5 relationship-building secrets for technical writers

I just got through a job hunt in December and through the course of speaking with recruiters and hiring managers, I got a fresh perspective about the critical importance of relationship building for technical writers and other content creators in the IT industry.

Here are some of my favorite tips for writers to help build working relationships:

Secret #1: Start the answer for the subject matter expert

Sometimes a writer or content creator has to bring the answer to the subject matter expert. This can be hard for some SMEs and technical writers, but I’ve used it with great success in flattened hierarchies.

Too often, a busy SME is a primary writer for white papers, blog posts, presentations, and other marketing collateral. They lack the time and often the writing chops to kick off the documents. When they complete the document, only then do they send it to a technical writer to complete.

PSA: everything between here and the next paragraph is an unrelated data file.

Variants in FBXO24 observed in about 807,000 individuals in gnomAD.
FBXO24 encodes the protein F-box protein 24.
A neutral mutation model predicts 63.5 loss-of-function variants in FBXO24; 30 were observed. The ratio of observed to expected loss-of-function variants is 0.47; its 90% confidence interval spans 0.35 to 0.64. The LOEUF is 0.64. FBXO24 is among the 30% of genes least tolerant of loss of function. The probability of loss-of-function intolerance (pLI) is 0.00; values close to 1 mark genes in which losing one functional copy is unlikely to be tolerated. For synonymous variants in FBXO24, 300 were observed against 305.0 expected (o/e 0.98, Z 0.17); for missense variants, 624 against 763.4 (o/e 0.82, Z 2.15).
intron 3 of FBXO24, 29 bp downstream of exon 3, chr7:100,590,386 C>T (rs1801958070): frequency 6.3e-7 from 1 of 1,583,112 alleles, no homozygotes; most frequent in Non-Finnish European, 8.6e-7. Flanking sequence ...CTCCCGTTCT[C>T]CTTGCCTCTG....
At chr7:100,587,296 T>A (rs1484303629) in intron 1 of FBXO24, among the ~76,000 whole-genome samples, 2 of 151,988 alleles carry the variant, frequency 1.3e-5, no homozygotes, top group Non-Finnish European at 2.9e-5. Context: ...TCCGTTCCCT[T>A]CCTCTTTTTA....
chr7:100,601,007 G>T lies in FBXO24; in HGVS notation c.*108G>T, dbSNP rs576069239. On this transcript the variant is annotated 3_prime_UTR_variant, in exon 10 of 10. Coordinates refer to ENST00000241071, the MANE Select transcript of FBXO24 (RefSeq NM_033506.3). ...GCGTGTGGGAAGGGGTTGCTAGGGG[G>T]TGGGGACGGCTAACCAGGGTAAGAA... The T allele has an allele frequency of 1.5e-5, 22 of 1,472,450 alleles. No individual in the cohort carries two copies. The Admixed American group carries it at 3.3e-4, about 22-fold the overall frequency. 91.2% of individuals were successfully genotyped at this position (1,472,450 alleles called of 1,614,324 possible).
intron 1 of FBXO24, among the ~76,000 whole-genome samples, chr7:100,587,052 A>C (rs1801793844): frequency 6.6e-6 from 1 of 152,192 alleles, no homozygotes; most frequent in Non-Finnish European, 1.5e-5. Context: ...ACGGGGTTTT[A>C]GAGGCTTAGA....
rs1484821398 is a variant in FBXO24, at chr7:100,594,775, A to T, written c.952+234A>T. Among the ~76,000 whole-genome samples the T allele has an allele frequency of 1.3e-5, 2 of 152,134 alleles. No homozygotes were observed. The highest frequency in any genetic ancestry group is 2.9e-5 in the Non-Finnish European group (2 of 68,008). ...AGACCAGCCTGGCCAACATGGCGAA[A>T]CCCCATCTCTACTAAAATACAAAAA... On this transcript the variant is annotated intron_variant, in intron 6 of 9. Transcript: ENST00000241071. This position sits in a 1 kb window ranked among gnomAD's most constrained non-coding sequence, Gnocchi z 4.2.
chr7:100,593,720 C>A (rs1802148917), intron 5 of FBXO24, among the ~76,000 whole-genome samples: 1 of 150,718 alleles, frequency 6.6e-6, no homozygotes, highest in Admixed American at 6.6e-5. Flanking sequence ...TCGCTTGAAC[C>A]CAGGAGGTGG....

Starting the answer as I like to call it requires being able to research topics and knowing the value of building your own body of work outside your daily job.

I’ve been able to build strong working relationships by being able to kick off drafts and write them to 70–90% completion before opening them up to SME review.

Secret #2: Align yourself with the business

As a technical writer, you always want to align yourself with the business. It’s important to work for people who are leading the projects and initiatives critical to corporate strategy and important customers. It’s easier to maintain positive relationships when you’re contributing to projects that move the business forward and bring in revenue.